During her keynote speech during the Nordic Business Forum on Wednesday (27 Sept), Dr Rebecca Henderson praised the US Inflation Reduction Act (IRA) but warned the US may be falling behind other nations in its adoption of green technology.
Her speech, entitled ‘Reimagining Capitalism in a World on Fire’, focused on the new responsibilities faced by businesses during climate change.
Alongside asking businesses in attendance to lead with the purpose of creating and supporting community instead of profits, Henderson also spoke directly on the US IRA describing it as the “largest piece of legislation to accelerate change for the US.”
The US Department of Energy has stated the intent of the IRA is to push the US towards a 40% reduction in carbon emissions by 2030.
But, despite this initial praise, Henderson did state that the US is still in the early stages of its transition to green technology and energy.
When asked for further details on green technology adoption in the US, Henderson stated that she felt as though the US was at risk of falling behind other nations such as China.
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Henderson explained that she was “nervous” about more autocratic states dominating the global transition to green technology but continued to encourage businesses to remain committed to decarbonisation, which she stated they should view as a “huge opportunity”.
Michael Orme, research consultant for GlobalData, shares Dr. Henderson’s concerns around the US lagging behind China.
“In terms of the deployment of solar and wind technology China heavily outscores the US, and has done for years,” Orme explained.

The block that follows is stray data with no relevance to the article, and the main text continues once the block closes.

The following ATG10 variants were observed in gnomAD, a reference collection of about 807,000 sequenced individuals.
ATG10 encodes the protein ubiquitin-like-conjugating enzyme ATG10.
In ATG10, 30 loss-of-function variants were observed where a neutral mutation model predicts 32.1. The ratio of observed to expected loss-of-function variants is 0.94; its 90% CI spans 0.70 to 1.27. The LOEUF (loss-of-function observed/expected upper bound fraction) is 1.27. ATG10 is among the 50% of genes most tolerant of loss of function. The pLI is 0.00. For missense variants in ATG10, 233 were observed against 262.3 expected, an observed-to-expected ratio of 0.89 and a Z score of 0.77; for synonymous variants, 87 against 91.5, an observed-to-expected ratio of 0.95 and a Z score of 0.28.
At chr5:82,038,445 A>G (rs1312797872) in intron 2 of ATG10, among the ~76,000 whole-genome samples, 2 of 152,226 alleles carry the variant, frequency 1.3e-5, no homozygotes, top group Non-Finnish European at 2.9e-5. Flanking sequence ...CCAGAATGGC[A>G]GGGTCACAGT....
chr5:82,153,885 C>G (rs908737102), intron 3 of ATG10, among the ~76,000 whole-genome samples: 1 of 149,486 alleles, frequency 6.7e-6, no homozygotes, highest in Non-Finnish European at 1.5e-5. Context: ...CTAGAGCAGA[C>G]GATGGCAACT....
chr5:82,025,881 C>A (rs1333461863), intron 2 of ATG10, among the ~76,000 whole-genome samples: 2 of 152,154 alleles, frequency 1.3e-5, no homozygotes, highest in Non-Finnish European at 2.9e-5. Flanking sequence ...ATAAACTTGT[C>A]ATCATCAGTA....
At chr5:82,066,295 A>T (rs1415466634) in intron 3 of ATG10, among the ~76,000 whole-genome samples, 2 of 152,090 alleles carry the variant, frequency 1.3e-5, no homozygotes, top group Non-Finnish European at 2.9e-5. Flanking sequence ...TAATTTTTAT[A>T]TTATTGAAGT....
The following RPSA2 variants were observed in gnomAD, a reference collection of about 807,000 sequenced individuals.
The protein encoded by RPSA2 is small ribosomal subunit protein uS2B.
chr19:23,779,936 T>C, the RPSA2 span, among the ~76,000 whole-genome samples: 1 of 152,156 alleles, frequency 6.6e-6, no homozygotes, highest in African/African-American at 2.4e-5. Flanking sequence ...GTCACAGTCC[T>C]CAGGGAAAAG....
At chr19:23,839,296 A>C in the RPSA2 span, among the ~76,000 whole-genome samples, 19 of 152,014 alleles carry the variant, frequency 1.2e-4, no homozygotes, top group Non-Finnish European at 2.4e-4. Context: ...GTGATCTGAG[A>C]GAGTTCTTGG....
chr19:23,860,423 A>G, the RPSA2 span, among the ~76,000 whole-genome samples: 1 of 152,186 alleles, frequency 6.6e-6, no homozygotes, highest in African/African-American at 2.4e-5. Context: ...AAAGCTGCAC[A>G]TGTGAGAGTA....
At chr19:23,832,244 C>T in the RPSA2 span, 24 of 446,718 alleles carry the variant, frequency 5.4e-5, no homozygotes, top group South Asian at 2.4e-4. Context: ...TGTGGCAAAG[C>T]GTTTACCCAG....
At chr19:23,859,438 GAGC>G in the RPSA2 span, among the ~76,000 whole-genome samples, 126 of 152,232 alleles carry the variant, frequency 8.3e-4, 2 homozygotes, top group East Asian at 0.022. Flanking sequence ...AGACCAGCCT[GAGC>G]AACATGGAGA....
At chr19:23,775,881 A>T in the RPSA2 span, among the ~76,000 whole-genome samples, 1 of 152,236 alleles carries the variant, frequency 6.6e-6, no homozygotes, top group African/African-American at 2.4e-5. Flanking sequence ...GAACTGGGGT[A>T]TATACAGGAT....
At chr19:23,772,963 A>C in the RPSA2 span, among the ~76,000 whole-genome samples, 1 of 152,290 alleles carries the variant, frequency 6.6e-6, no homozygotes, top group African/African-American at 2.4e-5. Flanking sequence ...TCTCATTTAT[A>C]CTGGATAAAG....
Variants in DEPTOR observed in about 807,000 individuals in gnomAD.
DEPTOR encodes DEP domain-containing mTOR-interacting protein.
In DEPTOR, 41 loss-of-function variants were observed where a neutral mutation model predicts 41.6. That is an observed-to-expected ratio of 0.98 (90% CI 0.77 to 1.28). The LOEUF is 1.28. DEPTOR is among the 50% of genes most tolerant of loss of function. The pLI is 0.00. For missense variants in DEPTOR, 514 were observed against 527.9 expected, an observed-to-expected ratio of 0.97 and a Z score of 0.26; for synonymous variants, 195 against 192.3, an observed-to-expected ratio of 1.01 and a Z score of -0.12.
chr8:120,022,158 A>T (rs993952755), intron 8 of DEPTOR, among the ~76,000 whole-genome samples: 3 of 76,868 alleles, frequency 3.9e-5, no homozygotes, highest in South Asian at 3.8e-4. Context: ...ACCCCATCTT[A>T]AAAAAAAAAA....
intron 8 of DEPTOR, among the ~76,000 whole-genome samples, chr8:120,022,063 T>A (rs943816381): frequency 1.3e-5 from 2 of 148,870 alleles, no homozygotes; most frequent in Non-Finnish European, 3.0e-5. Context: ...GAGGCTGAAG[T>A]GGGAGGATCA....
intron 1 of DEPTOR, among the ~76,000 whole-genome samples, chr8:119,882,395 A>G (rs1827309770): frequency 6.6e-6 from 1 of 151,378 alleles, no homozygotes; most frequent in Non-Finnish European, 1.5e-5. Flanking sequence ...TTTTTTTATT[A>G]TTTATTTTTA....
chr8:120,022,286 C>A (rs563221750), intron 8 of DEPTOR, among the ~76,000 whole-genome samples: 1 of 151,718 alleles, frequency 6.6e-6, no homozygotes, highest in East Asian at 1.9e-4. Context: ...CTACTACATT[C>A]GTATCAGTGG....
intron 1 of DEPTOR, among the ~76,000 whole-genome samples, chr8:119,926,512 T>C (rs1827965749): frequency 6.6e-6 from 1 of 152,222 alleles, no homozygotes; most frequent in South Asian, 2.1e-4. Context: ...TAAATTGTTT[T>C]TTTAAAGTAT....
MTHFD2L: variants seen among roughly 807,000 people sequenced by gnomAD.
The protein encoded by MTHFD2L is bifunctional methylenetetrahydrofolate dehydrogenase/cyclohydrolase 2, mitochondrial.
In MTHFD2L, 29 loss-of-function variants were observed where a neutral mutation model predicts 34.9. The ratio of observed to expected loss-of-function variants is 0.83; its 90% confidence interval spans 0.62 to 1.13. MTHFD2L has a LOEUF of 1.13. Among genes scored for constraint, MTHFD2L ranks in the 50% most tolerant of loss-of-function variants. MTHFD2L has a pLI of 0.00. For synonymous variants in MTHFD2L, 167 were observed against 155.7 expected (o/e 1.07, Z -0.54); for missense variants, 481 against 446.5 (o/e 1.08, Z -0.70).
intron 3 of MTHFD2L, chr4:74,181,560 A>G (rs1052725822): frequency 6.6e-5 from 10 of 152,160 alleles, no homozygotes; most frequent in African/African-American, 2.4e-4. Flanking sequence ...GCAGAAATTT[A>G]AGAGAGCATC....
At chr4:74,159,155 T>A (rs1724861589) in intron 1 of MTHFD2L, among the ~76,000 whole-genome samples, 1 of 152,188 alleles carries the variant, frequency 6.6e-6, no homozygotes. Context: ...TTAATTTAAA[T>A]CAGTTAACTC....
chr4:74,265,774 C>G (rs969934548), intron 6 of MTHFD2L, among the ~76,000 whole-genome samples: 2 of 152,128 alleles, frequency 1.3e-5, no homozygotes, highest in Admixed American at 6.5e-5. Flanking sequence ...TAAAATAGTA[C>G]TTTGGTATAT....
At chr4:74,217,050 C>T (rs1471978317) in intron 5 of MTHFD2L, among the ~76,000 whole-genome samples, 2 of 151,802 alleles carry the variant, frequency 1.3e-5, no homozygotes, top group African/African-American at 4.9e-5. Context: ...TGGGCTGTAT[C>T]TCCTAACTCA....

Orme stated that China has already become the “EV capital of the world”, whereas the US in contrast has only just begun to kickstart its EV revolution under the IRA and cited that the US only had 150,000 public charging stations across the nation.
However, Orme highlights China’s substantial coal usage which he stated would only increase in the near future.
Henderson’s call for action to businesses comes as ESG commitments face growing scrutiny and scepticism.
A 2023 survey by research analyst GlobalData stated that 47% of respondents believed that disclosure of such ESG commitments are purely viewed by businesses as marketing exercises.
Instead, Henderson asked businesses to commit to decarbonisation to reduce strategic risk and fulfil a purpose of sustaining community, a purpose which she described as the faithful purpose of business over profit.
Additionally in Global Data’s survey, ESG was ranked the fourth most impactful disruption to business in the next year with only 6% of businesses responding that it was their top concern.
Henderson’s speech, however, amplified the near-future impact of climate change.
Specifically, Henderson pointed to the incoming bankruptcy of Florida. Increasingly unpredictable weather and higher rain fall leads to unliveable conditions and therefore the eventual migration of people living in Florida. In Henderson’s speech she explained that this will eventually lead to a crash of Florida’s housing market within the next few years.
Henderson’s speech also included several maps explaining the global impact of climate change within the next ten years, creating higher risk of year-long droughts for Europe and fatal wet bulb temperatures in South America, Oceania and Asia Pacific.
A potential lag within the US’ adoption of green technology, therefore, could be catastrophic for businesses within the short-term future.